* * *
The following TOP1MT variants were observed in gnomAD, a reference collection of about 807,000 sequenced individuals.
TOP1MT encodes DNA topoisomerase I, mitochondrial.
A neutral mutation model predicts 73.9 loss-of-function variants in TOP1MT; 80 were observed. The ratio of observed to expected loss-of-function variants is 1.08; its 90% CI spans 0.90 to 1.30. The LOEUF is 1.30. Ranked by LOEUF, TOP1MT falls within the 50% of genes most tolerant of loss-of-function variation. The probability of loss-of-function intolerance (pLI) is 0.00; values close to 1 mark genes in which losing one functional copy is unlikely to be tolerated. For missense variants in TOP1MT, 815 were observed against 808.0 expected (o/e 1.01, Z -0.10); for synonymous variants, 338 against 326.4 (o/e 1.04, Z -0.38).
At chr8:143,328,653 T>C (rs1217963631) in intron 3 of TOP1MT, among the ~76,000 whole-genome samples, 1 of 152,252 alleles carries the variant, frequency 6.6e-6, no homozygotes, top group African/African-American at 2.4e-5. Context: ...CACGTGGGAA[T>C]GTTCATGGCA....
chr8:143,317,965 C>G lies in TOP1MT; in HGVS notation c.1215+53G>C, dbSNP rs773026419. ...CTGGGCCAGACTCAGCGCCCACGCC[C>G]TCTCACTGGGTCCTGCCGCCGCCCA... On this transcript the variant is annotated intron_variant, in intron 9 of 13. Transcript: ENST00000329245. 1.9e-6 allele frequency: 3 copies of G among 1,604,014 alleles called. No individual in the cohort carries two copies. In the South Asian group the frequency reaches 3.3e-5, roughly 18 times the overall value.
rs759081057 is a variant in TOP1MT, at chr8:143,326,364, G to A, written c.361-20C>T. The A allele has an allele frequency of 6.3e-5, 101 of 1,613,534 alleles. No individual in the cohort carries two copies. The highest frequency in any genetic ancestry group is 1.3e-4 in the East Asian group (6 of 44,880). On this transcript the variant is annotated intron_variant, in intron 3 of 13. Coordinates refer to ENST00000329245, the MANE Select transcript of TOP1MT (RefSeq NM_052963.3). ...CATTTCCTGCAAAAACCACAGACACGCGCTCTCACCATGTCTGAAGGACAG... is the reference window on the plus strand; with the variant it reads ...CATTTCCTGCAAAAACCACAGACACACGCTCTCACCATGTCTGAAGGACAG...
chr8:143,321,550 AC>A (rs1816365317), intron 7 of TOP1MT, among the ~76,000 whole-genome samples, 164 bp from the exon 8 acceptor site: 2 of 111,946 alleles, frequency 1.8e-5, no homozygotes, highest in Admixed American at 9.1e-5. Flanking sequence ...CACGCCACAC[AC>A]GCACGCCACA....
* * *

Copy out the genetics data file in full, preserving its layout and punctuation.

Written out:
The following TOP1MT variants were observed in gnomAD, a reference collection of about 807,000 sequenced individuals.
TOP1MT encodes DNA topoisomerase I, mitochondrial.
A neutral mutation model predicts 73.9 loss-of-function variants in TOP1MT; 80 were observed. The ratio of observed to expected loss-of-function variants is 1.08; its 90% CI spans 0.90 to 1.30. The LOEUF is 1.30. Ranked by LOEUF, TOP1MT falls within the 50% of genes most tolerant of loss-of-function variation. The probability of loss-of-function intolerance (pLI) is 0.00; values close to 1 mark genes in which losing one functional copy is unlikely to be tolerated. For missense variants in TOP1MT, 815 were observed against 808.0 expected (o/e 1.01, Z -0.10); for synonymous variants, 338 against 326.4 (o/e 1.04, Z -0.38).
At chr8:143,328,653 T>C (rs1217963631) in intron 3 of TOP1MT, among the ~76,000 whole-genome samples, 1 of 152,252 alleles carries the variant, frequency 6.6e-6, no homozygotes, top group African/African-American at 2.4e-5. Context: ...CACGTGGGAA[T>C]GTTCATGGCA....
chr8:143,317,965 C>G lies in TOP1MT; in HGVS notation c.1215+53G>C, dbSNP rs773026419. ...CTGGGCCAGACTCAGCGCCCACGCC[C>G]TCTCACTGGGTCCTGCCGCCGCCCA... On this transcript the variant is annotated intron_variant, in intron 9 of 13. Transcript: ENST00000329245. 1.9e-6 allele frequency: 3 copies of G among 1,604,014 alleles called. No individual in the cohort carries two copies. In the South Asian group the frequency reaches 3.3e-5, roughly 18 times the overall value.
rs759081057 is a variant in TOP1MT, at chr8:143,326,364, G to A, written c.361-20C>T. The A allele has an allele frequency of 6.3e-5, 101 of 1,613,534 alleles. No individual in the cohort carries two copies. The highest frequency in any genetic ancestry group is 1.3e-4 in the East Asian group (6 of 44,880). On this transcript the variant is annotated intron_variant, in intron 3 of 13. Coordinates refer to ENST00000329245, the MANE Select transcript of TOP1MT (RefSeq NM_052963.3). ...CATTTCCTGCAAAAACCACAGACACGCGCTCTCACCATGTCTGAAGGACAG... is the reference window on the plus strand; with the variant it reads ...CATTTCCTGCAAAAACCACAGACACACGCTCTCACCATGTCTGAAGGACAG...
chr8:143,321,550 AC>A (rs1816365317), intron 7 of TOP1MT, among the ~76,000 whole-genome samples, 164 bp from the exon 8 acceptor site: 2 of 111,946 alleles, frequency 1.8e-5, no homozygotes, highest in Admixed American at 9.1e-5. Flanking sequence ...CACGCCACAC[AC>A]GCACGCCACA....